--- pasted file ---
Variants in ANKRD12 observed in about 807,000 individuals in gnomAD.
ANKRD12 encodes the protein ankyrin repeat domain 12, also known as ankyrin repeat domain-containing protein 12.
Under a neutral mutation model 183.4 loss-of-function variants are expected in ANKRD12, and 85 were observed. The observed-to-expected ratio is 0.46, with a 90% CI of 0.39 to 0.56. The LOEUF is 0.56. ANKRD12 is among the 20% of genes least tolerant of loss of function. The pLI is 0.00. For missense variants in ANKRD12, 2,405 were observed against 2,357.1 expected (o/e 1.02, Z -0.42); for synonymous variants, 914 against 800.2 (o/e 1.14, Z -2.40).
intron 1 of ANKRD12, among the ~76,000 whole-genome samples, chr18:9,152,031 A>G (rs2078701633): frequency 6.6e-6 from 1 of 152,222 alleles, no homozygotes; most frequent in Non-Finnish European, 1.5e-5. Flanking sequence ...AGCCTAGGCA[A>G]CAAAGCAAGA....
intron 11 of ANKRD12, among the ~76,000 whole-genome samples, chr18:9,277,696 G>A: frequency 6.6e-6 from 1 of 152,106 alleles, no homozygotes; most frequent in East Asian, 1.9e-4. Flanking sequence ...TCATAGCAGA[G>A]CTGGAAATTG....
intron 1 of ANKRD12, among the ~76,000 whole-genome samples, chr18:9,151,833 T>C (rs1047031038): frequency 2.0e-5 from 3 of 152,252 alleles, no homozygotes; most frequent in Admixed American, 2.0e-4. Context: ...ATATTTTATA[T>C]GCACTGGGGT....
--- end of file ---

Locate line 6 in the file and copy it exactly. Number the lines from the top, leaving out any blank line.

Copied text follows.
intron 1 of ANKRD12, among the ~76,000 whole-genome samples, chr18:9,151,833 T>C (rs1047031038): frequency 2.0e-5 from 3 of 152,252 alleles, no homozygotes; most frequent in Admixed American, 2.0e-4. Context: ...ATATTTTATA[T>C]GCACTGGGGT....